In an important case, Thompson v. North American Stainless, LP, 131 S.Ct. 863 (January 24, 2011), the US Supreme Court put an end to retaliation against an employee who takes protected activity by retaliating against someone “closely” associated with her. It did so in order to protect the spirit of Title VII’s anti-retaliation provision.
In this case, Ms. Regalado, an employee of defendant North American Stainless, filed a charge of sex discrimination with the Equal Employment Opportunity Commission (EEOC). Three weeks later, the defendant fired her fiancé, plaintiff Thompson. Thompson alleges that his firing was in retaliation for his fianceé’s filing of her charge of discrimination.
The US Supreme Court upheld Thompson’s charge, indicating that, if true, his firing violated the anti-retaliation provisions of Title VII. Relying on the spirit of the anti-retaliation provision, the Court held that the provision was intended to protect against employment actions that “….might have dissuaded a reasonable worker from making or supporting a charge of discrimination”, quoting Burlington Northern & Santa Fe Railway v. White, 548 US 53 (2006). The Court went on to indicate that not all third parties will be protected by this ruling, noting that a close family member will be treated differently than a mere acquaintance.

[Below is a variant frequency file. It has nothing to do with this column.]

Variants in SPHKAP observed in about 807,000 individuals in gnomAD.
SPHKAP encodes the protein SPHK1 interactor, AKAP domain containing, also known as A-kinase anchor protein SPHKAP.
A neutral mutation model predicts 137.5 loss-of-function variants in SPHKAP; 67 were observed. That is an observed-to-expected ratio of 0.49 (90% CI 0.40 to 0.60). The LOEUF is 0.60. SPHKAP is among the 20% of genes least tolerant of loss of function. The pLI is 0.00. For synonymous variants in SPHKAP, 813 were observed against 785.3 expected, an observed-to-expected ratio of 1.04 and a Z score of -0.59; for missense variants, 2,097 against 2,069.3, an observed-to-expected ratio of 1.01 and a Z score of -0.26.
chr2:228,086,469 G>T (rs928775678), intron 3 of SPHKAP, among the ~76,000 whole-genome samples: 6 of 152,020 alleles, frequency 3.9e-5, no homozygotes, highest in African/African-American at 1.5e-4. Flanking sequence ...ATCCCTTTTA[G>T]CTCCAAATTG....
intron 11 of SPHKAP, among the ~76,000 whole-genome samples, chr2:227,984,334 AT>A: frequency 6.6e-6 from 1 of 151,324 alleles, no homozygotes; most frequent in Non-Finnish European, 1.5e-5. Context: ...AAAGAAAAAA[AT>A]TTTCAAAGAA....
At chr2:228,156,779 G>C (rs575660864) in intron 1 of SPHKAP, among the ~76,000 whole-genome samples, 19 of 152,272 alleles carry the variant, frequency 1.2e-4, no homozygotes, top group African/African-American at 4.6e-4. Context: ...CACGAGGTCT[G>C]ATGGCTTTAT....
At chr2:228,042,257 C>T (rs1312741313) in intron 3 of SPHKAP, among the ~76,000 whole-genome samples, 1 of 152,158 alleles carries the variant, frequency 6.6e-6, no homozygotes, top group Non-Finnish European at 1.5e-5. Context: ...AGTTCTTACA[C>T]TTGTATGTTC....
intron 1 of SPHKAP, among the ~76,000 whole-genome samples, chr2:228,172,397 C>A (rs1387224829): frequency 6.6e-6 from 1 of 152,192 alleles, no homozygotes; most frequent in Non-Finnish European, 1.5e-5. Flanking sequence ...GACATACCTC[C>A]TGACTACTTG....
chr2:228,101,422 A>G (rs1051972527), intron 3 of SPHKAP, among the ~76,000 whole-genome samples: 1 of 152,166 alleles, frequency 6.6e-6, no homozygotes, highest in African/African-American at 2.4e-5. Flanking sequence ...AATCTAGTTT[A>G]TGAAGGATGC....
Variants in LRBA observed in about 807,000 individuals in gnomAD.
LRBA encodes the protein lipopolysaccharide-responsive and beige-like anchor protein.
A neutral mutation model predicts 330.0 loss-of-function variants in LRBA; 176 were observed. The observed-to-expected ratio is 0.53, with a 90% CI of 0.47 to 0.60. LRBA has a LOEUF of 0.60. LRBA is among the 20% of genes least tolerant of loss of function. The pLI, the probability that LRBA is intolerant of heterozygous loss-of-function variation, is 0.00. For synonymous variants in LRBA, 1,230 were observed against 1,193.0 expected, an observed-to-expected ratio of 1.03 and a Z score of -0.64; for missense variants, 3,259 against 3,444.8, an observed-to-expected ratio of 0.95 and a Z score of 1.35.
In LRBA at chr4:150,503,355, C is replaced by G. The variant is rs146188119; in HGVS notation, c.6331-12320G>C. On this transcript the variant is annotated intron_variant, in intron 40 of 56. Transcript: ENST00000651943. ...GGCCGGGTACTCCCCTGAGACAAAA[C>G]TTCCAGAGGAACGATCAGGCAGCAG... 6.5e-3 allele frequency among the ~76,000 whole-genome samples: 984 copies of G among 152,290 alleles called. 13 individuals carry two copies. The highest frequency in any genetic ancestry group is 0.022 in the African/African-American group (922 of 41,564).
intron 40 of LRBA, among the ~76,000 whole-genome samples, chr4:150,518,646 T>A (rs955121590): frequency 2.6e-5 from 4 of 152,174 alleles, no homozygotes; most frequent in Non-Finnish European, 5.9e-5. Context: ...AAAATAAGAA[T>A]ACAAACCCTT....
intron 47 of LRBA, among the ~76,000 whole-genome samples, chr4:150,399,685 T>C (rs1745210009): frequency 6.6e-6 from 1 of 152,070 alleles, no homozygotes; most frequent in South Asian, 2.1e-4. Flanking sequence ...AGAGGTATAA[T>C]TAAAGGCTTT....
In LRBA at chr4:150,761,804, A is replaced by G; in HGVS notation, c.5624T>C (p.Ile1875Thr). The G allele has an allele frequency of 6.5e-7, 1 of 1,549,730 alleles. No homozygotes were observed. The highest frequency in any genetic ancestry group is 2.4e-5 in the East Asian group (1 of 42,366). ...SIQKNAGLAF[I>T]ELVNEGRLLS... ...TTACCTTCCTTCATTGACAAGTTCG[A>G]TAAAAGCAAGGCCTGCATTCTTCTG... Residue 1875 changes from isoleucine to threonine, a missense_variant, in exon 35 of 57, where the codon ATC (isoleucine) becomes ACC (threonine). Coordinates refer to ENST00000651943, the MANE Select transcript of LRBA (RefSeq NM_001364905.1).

Although any act of retaliation should really be prohibited by the act, whether foisted upon a close family member or a more distant friend, for purposes of prohibiting employer retaliation, we have to see this case as a glass half full rather than half empty. This case is good news for employees who fear that standing up for their rights will expose not just themselves – but their loved ones – to retaliation. There are many employees who have family members working for the same employer, and thus should be relieved to know they are entitled to this protection.
March 3, 2011